When the War In the Ukraine Ends

A recent publication from the Kellogg School of Management at Northwestern University discussed the benefits of the post-war reconstruction as a good investment. They use post-World War II as an example of how much money should be spent and how it benefits the war-torn country very quickly.

The paper pointed to specifically The Marshall Plan following World War II. The Marshall Plan had two goals; European economic recovery and the containment of the Soviet Union. Stabilizing Europe’s economies were vital to promoting income growth around the world and entrenching democracies in Europe.

Whenever the Ukraine War is over, I think the Marshall Plan should be adopted identically from what happened 80 years ago since we will essentially be trying to do the same thing in Ukraine as we did all over Europe back then.

However, it will be much more expensive this time around. Post World War II, American leaders sent roughly $130 billion (In 2010 dollars) to help with the European reconstruction of railways, utilities, roads, and airports, the same type of facilities that will need to be rebuilt in Ukraine.

However, economists estimate that restoring the lost infrastructure in Ukraine will cost at least $200 billion, and that figure will climb the longer the war continues. And remember, $200 billion is to rebuild Ukraine.

After World War II, the Marshall Plan not only gave funds to countries that had been friendly to the US during the war but also to Germany and Italy.

The belief back then and now is that not helping to rejuvenate all parties involved after the war ended would only cause more issues later down the road. That has some people thinking that Russia and even Belarus could see new investments from outsiders when the war ends, perhaps not in a straightforward financial manner but in other ways, such as new business opportunities and deals.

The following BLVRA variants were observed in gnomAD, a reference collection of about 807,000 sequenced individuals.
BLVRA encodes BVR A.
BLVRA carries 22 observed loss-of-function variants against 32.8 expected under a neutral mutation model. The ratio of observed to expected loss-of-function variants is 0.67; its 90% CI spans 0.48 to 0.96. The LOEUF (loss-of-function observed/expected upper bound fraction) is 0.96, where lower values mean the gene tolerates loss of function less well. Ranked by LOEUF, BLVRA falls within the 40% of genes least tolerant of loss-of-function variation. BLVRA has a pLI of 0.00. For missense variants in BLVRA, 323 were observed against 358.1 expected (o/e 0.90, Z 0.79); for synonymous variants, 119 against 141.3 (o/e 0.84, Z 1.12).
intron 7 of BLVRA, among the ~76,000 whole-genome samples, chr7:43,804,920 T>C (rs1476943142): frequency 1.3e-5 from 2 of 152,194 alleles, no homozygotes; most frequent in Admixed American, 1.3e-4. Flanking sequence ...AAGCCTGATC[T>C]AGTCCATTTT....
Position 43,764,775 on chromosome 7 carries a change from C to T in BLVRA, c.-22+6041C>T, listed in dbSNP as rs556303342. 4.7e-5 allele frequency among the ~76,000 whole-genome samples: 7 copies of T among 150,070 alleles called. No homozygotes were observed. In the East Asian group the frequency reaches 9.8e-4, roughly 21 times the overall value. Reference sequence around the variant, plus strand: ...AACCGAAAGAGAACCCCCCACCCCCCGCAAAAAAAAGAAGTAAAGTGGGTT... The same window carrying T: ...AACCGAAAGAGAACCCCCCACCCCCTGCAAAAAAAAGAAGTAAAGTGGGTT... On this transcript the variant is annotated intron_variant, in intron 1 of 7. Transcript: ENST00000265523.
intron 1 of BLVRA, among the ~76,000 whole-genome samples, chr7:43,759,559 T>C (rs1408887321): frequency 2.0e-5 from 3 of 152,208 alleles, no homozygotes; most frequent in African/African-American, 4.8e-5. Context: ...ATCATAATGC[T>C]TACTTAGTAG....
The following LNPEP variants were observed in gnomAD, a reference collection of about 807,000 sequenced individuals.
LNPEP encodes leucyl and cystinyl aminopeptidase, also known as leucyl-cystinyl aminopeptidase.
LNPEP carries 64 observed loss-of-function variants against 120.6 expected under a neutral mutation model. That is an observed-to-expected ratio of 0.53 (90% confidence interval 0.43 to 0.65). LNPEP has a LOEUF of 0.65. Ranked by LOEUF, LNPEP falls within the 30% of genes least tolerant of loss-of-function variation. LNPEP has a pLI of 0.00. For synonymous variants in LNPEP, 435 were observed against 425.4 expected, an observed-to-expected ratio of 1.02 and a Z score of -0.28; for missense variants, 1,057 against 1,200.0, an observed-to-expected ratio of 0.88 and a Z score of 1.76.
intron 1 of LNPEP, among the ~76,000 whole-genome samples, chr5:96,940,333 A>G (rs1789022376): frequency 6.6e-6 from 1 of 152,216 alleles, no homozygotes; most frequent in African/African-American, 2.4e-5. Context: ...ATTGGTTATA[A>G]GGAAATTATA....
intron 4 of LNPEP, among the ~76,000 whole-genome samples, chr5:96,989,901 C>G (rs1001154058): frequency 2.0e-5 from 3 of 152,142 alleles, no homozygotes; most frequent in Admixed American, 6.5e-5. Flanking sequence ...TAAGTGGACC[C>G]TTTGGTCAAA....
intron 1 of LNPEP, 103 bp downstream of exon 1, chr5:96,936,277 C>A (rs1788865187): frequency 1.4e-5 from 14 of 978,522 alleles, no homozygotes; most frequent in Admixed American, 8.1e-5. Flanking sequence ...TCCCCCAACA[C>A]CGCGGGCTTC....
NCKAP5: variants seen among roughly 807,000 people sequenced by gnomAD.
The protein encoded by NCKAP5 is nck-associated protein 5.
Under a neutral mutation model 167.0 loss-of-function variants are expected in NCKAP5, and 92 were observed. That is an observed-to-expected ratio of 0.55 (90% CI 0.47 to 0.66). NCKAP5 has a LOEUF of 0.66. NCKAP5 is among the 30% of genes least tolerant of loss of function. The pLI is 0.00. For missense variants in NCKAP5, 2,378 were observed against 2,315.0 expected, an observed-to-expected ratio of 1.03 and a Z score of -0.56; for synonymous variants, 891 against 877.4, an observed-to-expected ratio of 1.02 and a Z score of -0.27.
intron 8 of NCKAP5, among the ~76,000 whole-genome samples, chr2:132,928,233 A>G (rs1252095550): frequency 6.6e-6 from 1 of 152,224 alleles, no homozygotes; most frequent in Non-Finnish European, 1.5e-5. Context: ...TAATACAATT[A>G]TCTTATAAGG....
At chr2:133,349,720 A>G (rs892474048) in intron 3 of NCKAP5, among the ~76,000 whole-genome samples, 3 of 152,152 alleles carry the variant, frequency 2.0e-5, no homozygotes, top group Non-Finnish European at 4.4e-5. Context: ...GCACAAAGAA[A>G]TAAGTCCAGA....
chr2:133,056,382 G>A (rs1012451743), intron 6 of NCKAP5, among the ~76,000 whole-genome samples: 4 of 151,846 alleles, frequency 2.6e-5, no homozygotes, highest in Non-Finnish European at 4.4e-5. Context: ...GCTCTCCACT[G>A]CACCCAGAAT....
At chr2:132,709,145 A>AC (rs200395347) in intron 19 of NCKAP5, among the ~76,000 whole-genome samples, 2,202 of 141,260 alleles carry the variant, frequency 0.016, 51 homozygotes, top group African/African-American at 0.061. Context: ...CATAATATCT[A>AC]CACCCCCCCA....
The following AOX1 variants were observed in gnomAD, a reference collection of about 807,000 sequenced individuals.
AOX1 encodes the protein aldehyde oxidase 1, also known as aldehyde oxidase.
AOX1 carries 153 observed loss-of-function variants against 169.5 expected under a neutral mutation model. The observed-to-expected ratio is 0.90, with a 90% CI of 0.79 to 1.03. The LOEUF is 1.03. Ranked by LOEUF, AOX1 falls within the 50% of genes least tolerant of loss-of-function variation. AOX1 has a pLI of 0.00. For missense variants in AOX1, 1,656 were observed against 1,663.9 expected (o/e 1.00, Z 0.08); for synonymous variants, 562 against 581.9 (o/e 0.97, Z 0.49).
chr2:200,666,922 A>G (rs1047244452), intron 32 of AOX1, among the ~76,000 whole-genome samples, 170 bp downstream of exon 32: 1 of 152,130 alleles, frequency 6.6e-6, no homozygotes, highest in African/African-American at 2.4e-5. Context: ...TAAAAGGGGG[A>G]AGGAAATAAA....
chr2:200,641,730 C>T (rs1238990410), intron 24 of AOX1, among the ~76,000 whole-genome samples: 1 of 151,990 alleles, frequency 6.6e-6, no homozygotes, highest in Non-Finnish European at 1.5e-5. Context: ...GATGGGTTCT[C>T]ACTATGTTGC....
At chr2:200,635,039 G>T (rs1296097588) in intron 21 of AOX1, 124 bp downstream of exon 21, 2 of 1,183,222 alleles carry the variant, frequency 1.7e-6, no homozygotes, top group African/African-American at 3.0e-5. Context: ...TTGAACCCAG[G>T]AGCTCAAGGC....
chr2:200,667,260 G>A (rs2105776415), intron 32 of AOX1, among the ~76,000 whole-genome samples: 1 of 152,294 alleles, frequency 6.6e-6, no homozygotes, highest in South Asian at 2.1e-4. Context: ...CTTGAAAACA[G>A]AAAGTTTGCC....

At this time, no money has started flowing back into Ukraine to help rebuild the country or increase business and the economy.

But, a deal has already been made between Ukrainian President Volodymr Zelenskyy and BlackRock’s (BLK) CEO Larry Fink that has BlackRock coordinating the investments to help rebuild Ukraine when the war is over. Continue reading "When the War In the Ukraine Ends"

4 Companies You Can Own That Operate Your Favorite ETFs

Matt Thalman - INO.com Contributor - ETFs

SPDR S&P 500 ETF (SPY), Schwab U.S Broad Market ETF (SCHB), State Street Corporation (STT), Invesco (IVZ), Wisdom Tree (WETF), BlackRock (BLK), ETF investing, ETF's, benefits of etfs,

But first, maybe you are wondering what an ETF operator does and how do they make money?

Plan and simply an ETF operator sponsors and runs an exchange traded fund. ETF's are either managed or unmanaged. Managed would mean someone is actually deciding which investments to hold in the ETF in order to gain the highest return. Unmanaged ETF's are ones that simply track a corresponding index; such is the case with the SPDR S&P 500 ETF (SPY) which tracks S&P 500.

An ETF operator makes its money by charging a fee to manage the ETF. These fees are usually displayed as a percentage. These fees or the annual expense ratio, as it is often called, can range in amounts from as little as 0.04% which is the case with the Schwab U.S Broad Market ETF (SCHB), up to more than 3% with some of the exotic funds. Managed funds always carry a higher expense ratio as they require daily monitoring by the managers. Whereas with unmanaged funds a manager only has to make changes when the index the fund tracks changes, which is not usually very often. Think of it this way, managed means constant attention baby-sitting while unmanaged means no to little baby-sitting and the more baby-sitting, the higher the price.

So now that we know how they operate and were the revenue comes from let's take a look at a few ETF operators. Continue reading "4 Companies You Can Own That Operate Your Favorite ETFs"